Phosphorus (P): the quality of age prematurely!
Phosphorus is necessary for plant growth. It is present in soils in the form of phosphate: dissolved in water, bound on soil particles or in minerals or even in an organic form.
As and when the roots draw off the phosphate dissolved in the water, the bound molecules are gradually released. The phosphorus in an organic form is slowly mineralized. But these exchanges are very slow. The phosphorus cycle depends to a great degree on the soil’s physical and chemical characteristics.
Potato, vegetable and beet crops are those that require phosphorus the most. Quite often, short-term bioavailability is restrictive in the soil, as the phosphorus in the soil ages very quickly. Acidic soils rich in iron and unbound aluminium bind the soluble phosphorus very quickly like soils rich in Calcium and/or Magnesium.
Potassium (K): always ready!
Potassium plays a major role in the formation and storage of sugars. It also helps plants to be resistant to low temperatures, drought and diseases.
Potassium in the soil solution is held by the humus or clay; potassium contained in minerals will only be released very slowly.
In the same way as for phosphorus, the potassium cycle depends on the physical and chemical characteristics of the soil although it always remains bioavailable. Not all crops have the same potassium requirements: potatoes, vegetables in general and beet crops are more demanding than, for instance, cereals. In general the potassium contribution is achieved before planting.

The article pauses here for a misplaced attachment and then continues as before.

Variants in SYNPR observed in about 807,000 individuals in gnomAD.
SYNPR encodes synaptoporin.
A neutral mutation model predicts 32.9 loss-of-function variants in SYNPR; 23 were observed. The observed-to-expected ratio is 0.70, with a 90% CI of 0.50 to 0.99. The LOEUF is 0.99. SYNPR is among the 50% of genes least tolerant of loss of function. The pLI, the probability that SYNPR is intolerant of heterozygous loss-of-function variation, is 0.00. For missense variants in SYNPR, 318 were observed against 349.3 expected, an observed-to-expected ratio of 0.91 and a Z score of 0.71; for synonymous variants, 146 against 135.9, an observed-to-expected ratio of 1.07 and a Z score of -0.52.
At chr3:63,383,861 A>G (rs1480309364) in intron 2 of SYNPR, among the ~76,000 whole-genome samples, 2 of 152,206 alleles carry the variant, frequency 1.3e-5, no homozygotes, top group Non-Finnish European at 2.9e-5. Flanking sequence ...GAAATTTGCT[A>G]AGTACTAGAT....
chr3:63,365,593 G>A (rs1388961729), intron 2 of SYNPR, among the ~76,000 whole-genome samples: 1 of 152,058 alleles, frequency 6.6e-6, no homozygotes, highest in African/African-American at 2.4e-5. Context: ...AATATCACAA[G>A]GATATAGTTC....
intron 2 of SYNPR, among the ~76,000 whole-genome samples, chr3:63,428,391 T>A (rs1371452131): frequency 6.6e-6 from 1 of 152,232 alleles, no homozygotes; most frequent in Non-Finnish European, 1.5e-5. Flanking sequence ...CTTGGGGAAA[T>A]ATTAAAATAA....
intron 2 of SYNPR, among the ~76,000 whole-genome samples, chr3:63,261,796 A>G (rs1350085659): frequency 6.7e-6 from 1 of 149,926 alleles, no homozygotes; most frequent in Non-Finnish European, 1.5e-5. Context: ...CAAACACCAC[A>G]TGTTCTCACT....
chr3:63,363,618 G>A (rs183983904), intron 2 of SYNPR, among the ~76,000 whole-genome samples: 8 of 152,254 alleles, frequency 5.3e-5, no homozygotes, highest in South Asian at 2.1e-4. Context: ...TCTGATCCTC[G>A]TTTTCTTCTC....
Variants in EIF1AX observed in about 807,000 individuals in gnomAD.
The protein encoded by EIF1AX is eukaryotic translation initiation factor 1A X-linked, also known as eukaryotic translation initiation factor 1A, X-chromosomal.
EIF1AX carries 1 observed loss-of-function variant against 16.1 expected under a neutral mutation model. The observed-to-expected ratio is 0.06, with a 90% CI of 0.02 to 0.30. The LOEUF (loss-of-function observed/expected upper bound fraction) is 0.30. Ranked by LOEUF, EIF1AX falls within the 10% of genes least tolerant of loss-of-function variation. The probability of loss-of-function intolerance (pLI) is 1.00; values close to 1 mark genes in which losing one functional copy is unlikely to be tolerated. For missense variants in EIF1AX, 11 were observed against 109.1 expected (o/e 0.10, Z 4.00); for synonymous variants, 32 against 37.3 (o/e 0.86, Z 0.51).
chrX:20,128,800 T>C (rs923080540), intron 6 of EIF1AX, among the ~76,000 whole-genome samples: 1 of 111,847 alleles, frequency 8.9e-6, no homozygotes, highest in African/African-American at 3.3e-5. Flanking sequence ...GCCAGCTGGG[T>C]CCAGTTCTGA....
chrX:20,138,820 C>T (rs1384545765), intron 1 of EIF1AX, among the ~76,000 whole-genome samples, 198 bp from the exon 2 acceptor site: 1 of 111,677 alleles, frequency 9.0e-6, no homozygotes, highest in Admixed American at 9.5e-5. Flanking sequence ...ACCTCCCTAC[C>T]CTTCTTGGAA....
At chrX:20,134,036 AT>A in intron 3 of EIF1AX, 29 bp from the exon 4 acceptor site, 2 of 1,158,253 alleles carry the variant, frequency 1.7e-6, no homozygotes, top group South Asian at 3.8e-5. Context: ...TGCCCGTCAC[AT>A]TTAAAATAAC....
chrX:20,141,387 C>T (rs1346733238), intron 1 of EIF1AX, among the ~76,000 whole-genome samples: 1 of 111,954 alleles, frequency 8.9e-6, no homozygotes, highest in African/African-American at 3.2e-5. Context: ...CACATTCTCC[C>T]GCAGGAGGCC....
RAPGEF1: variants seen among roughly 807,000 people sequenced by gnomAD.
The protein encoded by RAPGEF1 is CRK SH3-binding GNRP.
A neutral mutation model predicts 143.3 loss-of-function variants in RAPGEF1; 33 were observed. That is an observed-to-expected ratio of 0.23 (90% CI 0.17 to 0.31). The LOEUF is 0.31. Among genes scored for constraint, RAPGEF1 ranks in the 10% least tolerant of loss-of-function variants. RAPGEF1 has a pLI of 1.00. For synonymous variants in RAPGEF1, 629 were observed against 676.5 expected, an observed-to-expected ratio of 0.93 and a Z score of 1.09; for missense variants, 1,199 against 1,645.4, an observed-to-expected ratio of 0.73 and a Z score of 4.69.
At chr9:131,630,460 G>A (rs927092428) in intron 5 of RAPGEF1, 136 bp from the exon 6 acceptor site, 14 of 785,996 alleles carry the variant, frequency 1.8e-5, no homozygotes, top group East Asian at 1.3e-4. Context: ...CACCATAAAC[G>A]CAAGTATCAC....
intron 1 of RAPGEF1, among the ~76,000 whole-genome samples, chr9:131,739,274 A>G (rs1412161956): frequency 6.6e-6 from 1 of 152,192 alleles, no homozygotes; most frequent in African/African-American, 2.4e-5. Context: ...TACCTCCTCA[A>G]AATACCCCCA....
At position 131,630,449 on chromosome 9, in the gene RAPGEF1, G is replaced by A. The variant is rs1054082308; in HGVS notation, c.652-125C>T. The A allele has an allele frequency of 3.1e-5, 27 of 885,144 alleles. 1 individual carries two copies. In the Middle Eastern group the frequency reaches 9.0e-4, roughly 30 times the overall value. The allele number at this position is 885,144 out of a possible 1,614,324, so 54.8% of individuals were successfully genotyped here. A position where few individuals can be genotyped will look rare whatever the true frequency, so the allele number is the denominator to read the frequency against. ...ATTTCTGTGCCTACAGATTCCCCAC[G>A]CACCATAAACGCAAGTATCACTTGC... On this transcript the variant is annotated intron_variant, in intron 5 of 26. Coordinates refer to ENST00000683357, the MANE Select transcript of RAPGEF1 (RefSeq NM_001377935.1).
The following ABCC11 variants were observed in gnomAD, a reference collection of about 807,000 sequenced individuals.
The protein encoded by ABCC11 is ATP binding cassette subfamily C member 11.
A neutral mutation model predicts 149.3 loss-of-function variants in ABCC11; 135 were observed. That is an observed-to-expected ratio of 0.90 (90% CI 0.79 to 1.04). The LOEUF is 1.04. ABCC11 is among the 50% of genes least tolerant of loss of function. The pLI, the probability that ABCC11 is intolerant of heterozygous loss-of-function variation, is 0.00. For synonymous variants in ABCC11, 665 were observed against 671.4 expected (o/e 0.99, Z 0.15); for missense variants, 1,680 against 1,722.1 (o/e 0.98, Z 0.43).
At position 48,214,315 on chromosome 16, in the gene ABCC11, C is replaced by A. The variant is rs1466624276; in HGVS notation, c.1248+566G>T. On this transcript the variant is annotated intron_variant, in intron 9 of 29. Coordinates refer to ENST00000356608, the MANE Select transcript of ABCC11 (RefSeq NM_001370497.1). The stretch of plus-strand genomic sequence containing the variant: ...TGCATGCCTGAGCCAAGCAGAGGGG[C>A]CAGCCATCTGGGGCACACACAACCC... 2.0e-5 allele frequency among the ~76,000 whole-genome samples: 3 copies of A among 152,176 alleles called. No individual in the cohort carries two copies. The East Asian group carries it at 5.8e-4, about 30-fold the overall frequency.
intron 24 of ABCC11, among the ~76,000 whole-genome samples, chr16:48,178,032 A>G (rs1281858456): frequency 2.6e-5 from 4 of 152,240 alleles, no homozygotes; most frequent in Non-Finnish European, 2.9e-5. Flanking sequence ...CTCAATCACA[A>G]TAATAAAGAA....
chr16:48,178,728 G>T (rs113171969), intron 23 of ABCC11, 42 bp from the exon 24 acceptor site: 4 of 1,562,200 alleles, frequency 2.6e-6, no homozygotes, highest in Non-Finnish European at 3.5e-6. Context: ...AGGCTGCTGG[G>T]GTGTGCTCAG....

The other elements: calcium, magnesium, sulphur, trace elements
The function of calcium and magnesium is mainly to improve soil structure; they are contributed in the form of soil amendments.
Sulphur is necessary for the synthesis of proteins; it is added by certain fertilizers in the form of sulphates. These are known as cruciferae (cabbage colza, etc.) and garlic, onions and leeks that have considerable sulphur requirements. It can be introduced in other less oxidized forms that are subject to Marketing Authorizations like Agrifix or Secofit. Additional agronomic properties shall then be demonstrated.
The trace elements (copper, manganese, zinc, boron, molybdenum, iron, etc.) participate in very small quantities in plant nutrition. However, a deficiency of any one of these elements can interfere with growth. The said deficiencies can be caused either by a content insufficiency or by the unavailability of the element.
Sulphur in good shape
SO2, H2S, SO4, S2O2, or even S…Sulphur is present in numerous forms in Nature! It is present in the air in the form of sulphur dioxide (SO2) and hydrogen sulphide (H2S), in rainwater and above all in an organic form in crop residues and animal waste, as well as in the soil.
In the soil, some sulphur can be found in the form of sulphur (S-), elemental sulphur (S) and sulphate, etc. Sulphur is everywhere. We are following up on our first circular on sulphur in agriculture.